Parliament reconvenes on January 31, 2022, with an ambitious agenda to reform laws affecting media and entertainment businesses. The Minister of Canadian Heritage has a mandate “to work to introduce legislation to reform the Broadcasting Act, ask web giants to pay their fair share and combat serious forms of harmful online content”, no less.
Here are three key government objectives, with our brief commentary on why they are worth watching, even for those who don’t usually keep up with legislative reform:
1. Regulating online services as broadcasting undertakings
“Reintroduce legislation to reform the Broadcasting Act to ensure foreign web giants contribute to the creation and promotion of Canadian stories and music.”
Virtually everyone agrees that it is time to update the 1991 Broadcasting Act. Significant disagreement, however, has arisen about whether the Act or the regulator, the Canadian Radio-television and Telecommunications Commission (CRTC), should be tasked with so much. An Act that was originally put in place to address limited content transmitted on limited spectrum is now proposed to be a key vehicle to regulate many kinds of Internet content. It will be worth watching:
- Whether Canada’s new regime has the potential to impose greater regulatory obligations on online linear and on-demand streaming services than they have begun taking on in other countries. See our high-level comparative guide here.
- Whether and how the government gives the CRTC the authority to regulate social media content. The last Bill originally contained a provision stating that the Act did not apply to programs uploaded by users (proposed new section 4.1, at first reading). The removal of that safeguard at the Committee review stage sparked confusion about the scope of the Act, and controversy arose over potential over-reaching, free speech, and whether the Act’s apparent application to social media would survive Charter of Rights and Freedoms challenges.
2. Revenue sharing for news content
“Swiftly introduce legislation to require digital platforms that generate revenues from the publication of news content to share a portion of their revenues with Canadian news outlets to level the playing field between global platforms and Canadian outlets. This legislation should be modelled on the Australian approach and introduced in early 2022.”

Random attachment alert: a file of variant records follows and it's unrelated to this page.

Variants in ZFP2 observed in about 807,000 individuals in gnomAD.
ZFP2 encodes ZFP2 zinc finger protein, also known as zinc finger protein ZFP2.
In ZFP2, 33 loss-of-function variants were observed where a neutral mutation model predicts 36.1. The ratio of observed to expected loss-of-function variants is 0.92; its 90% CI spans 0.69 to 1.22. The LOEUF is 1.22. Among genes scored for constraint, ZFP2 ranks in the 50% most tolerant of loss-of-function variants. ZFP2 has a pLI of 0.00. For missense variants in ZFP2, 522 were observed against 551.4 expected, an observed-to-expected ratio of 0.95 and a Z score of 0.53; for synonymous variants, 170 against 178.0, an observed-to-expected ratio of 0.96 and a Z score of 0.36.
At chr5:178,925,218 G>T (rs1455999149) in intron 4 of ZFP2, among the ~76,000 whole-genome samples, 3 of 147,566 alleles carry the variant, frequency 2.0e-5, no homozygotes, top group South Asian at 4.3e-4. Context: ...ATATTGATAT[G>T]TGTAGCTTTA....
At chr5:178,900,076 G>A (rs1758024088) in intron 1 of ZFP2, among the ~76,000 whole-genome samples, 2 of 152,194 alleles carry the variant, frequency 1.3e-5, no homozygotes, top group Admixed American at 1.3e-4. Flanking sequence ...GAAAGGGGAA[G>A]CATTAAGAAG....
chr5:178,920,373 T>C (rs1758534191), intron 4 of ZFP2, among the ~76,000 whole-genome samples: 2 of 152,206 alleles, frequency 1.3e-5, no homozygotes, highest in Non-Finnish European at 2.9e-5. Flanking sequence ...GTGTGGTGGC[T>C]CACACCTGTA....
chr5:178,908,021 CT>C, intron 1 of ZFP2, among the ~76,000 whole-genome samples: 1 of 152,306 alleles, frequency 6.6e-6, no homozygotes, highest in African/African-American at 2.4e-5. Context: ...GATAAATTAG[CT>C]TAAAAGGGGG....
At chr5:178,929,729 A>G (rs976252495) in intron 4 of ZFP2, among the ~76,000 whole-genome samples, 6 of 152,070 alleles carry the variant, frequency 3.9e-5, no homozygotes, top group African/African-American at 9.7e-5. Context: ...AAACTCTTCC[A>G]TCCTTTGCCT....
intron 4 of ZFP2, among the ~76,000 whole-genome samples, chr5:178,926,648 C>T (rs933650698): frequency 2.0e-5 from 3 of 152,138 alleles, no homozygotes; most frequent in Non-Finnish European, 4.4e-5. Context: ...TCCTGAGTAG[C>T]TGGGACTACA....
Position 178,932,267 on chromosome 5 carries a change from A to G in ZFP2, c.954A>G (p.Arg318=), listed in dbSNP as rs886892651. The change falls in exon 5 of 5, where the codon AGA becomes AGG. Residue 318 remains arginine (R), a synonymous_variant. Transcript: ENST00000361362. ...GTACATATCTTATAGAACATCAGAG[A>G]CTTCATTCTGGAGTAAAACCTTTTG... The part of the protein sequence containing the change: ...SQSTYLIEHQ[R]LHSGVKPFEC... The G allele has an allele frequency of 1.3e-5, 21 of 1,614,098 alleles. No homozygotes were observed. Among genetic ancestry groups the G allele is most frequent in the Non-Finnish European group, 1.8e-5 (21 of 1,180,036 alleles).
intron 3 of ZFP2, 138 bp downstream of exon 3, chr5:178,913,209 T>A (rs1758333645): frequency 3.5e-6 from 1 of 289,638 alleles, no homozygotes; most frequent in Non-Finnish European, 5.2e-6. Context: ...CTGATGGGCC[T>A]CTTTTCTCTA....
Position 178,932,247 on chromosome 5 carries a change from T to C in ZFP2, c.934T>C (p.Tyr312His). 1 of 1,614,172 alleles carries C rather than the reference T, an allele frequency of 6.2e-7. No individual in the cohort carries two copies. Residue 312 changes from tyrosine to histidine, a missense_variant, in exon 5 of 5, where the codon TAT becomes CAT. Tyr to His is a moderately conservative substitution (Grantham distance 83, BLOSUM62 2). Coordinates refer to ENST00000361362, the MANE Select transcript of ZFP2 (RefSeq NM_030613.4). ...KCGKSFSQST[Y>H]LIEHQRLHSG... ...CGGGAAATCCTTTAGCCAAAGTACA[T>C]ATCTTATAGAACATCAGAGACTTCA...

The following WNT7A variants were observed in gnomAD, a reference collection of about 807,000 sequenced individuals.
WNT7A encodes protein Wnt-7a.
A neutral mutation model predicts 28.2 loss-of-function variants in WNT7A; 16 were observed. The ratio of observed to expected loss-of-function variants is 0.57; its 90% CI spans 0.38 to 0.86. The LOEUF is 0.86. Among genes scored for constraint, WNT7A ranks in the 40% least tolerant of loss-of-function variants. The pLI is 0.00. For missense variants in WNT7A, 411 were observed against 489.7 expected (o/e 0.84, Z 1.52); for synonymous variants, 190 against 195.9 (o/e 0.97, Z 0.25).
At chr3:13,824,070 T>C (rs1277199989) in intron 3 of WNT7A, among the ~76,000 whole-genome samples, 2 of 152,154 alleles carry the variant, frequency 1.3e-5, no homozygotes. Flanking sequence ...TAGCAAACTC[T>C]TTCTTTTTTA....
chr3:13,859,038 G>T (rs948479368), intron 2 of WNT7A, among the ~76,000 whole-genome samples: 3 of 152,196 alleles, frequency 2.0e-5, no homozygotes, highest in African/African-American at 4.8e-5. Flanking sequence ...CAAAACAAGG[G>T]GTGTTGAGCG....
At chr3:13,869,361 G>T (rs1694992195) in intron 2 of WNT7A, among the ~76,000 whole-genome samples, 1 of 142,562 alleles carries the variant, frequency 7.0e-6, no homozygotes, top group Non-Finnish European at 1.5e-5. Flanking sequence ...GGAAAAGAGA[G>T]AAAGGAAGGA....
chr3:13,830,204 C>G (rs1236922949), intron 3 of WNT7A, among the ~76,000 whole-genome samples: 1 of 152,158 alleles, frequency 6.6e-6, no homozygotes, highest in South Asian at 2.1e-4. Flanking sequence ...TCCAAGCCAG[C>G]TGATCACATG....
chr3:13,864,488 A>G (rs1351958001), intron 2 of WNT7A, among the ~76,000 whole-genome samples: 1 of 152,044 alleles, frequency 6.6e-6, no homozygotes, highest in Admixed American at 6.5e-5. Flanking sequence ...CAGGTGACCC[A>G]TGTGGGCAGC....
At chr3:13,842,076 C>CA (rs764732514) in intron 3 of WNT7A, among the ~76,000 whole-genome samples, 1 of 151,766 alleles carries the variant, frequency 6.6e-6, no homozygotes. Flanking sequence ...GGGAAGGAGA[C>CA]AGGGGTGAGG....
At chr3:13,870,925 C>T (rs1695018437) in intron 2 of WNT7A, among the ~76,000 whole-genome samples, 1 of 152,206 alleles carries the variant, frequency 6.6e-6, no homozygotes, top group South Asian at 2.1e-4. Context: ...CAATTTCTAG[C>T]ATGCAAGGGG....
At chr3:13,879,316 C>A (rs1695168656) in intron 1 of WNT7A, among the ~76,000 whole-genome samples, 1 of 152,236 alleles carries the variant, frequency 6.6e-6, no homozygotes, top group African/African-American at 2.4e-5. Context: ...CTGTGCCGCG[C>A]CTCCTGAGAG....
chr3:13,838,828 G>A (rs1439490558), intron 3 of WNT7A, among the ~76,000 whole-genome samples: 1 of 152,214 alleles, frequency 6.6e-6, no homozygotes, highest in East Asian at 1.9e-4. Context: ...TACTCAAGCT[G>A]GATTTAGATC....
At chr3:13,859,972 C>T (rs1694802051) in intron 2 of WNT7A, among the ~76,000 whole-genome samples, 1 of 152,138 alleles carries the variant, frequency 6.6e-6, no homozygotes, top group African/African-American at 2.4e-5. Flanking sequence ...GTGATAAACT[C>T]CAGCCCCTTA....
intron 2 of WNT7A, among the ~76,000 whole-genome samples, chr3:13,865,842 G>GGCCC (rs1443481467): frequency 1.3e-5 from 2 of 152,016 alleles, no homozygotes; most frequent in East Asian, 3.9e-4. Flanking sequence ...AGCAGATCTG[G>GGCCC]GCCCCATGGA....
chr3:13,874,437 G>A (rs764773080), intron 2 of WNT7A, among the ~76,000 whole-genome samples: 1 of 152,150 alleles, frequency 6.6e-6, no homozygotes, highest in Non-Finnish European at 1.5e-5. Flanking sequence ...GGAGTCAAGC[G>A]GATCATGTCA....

“Level the playing field” has been a call to action by Canadian stakeholders – such as Canadian television and radio broadcasters – who are local and relatively heavily regulated, for better competitive parity with global platforms. “Level the playing field” may sound straightforward, but it bears remembering that the playing field for content is global, and involves many layers of stakeholders, from producers to aggregators to distributors. Updating the status quo for online content revenue models was never going to be easy. It will be worth watching:
- How closely the legislation is in fact “modelled on the Australian approach” with its mandatory News Media Bargaining Code and arbitration regime, or whether Canada has learned from some of the stumbling blocks experienced with Australia’s “hardball” approach.
- Whether Canada’s initiative – whatever approach it takes – is only a step on the path to an eventual global model.
3. Harmful content on social media and other platforms
“Continue efforts with the Minister of Justice and Attorney General of Canada to develop and introduce legislation as soon as possible to combat serious forms of harmful online content to protect Canadians and hold social media platforms and other online services accountable for the content they host. This legislation should be reflective of the feedback received during the recent consultations.”
The government’s 2021 online harms consultation sought feedback on a fairly complex framework of rules for social media platforms and other online services to address content including child sexual exploitation content, terrorist content, content that incites violence, and sharing intimate images without consent. It will be worth watching:
- Which online services will be subject to the new rules. Some platforms are more involved with and aware of the content they host, and have a clearer role in monitoring and moderating that content. Others are simply forums with (to date) little interest, experience or role in handling user-generated content directly.
- How much platforms will need to change their existing content moderation tools and programs. In some cases, this could mean refining the types of content for take-down. In others, it could mean a much more significant shift from reacting to notices and complaints, to monitoring content more proactively; and that would raise not only operational but important legal issues.
Dentons Canada’s Media, Entertainment and Sports group continues to closely monitor reforms affecting media and entertainment businesses. For more information, please contact Margot Patterson or any member of the group.